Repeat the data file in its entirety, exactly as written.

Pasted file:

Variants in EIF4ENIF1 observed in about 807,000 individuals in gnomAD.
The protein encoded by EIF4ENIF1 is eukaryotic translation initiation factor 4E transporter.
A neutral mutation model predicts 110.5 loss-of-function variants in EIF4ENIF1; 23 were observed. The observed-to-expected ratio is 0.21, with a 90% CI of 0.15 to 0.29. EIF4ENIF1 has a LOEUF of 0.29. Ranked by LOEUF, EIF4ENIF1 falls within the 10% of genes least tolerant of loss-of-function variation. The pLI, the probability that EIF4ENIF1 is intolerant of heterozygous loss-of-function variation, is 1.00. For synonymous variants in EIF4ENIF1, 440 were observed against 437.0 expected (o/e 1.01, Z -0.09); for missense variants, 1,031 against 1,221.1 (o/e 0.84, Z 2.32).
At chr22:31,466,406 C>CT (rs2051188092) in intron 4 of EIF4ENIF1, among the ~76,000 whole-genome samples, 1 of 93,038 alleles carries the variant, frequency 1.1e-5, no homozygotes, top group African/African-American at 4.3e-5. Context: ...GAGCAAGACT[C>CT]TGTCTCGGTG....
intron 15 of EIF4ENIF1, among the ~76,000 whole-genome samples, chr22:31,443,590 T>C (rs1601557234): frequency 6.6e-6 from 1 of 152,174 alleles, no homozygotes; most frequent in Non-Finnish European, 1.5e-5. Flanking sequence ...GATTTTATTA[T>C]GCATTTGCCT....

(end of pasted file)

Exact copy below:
Variants in EIF4ENIF1 observed in about 807,000 individuals in gnomAD.
The protein encoded by EIF4ENIF1 is eukaryotic translation initiation factor 4E transporter.
A neutral mutation model predicts 110.5 loss-of-function variants in EIF4ENIF1; 23 were observed. The observed-to-expected ratio is 0.21, with a 90% CI of 0.15 to 0.29. EIF4ENIF1 has a LOEUF of 0.29. Ranked by LOEUF, EIF4ENIF1 falls within the 10% of genes least tolerant of loss-of-function variation. The pLI, the probability that EIF4ENIF1 is intolerant of heterozygous loss-of-function variation, is 1.00. For synonymous variants in EIF4ENIF1, 440 were observed against 437.0 expected (o/e 1.01, Z -0.09); for missense variants, 1,031 against 1,221.1 (o/e 0.84, Z 2.32).
At chr22:31,466,406 C>CT (rs2051188092) in intron 4 of EIF4ENIF1, among the ~76,000 whole-genome samples, 1 of 93,038 alleles carries the variant, frequency 1.1e-5, no homozygotes, top group African/African-American at 4.3e-5. Context: ...GAGCAAGACT[C>CT]TGTCTCGGTG....
intron 15 of EIF4ENIF1, among the ~76,000 whole-genome samples, chr22:31,443,590 T>C (rs1601557234): frequency 6.6e-6 from 1 of 152,174 alleles, no homozygotes; most frequent in Non-Finnish European, 1.5e-5. Flanking sequence ...GATTTTATTA[T>C]GCATTTGCCT....